As a basketball player, “Jumpin” Johnny Wilson is remembered as someone who played bigger than he really was. Even though he was often far from the tallest player on the court, he played above the rim before it was fashionable to do so.
Wilson had an outstanding athletic career. He was Mr. Basketball, led Anderson High School to the 1946 boys state high school basketball championship, played baseball in the Negro leagues and coached successfully at the high school and collegiate levels.
Now, thanks to local artist Ken Ryden, he will actually get to be permanently larger than life.
A clay model, sculpted by Ryden, stands 9 feet tall and will be a bronze, imposing replica of his playing days with the Harlem Globetrotters. It will be displayed outside the Anderson Impact Center, 630 Nichol Ave.
While Wilson’s athletic achievements as a player and a coach are easily enough to merit such a significant tribute, it is perhaps the totality of his accomplishments, including those away from athletics, that make this such an appropriate time and place for such recognition.
Lifelong friend Carl Erskine has often campaigned for a school to be named for Wilson. Erskine’s point was that Wilson, who came from very modest surroundings, was successful in listening to the right people and following the right example and the end result was a college degree and a life fulfilling and successful by any number of yardsticks. Erskine has often said that Wilson should be the poster figure for Anderson Community Schools as an example of where following the right path can lead.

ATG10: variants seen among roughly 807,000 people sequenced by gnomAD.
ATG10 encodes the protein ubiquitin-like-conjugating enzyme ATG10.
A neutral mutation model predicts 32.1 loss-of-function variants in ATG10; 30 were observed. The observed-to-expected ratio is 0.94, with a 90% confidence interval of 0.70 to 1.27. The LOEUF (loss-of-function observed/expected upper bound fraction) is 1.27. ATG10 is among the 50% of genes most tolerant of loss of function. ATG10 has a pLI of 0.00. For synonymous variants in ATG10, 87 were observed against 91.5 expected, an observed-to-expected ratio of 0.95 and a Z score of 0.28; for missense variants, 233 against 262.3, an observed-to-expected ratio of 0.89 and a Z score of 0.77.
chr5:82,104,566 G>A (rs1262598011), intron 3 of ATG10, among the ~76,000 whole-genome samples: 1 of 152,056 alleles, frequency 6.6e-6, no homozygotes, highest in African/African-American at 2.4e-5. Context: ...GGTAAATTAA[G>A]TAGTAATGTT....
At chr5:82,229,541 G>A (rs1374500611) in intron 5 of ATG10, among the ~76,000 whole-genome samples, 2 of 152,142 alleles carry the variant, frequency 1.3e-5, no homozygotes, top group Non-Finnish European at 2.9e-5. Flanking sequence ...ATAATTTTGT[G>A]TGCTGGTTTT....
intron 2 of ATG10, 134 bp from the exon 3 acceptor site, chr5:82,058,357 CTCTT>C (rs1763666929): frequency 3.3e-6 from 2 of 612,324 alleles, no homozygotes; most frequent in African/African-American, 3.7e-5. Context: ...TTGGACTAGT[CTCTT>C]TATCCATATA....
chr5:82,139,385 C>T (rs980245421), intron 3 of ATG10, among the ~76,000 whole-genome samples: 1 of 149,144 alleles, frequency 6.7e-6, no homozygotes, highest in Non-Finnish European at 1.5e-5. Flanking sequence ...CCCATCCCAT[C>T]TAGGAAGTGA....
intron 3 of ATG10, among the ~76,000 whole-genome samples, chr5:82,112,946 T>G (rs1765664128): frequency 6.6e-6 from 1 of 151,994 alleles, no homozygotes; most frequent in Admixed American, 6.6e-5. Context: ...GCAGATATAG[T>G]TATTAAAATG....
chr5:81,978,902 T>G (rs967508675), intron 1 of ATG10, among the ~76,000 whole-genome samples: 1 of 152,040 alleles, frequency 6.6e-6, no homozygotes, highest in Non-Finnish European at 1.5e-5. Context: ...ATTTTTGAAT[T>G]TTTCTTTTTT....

Students at the Anderson Impact Center are completing an education with the idea that it will be used as preparation for competing in the job market. It is hoped that these students will take the time to consider Wilson’s example and use it to help them succeed in educational and vocational pursuits, but also in pursuit of living a productive and rewarding life as Wilson has.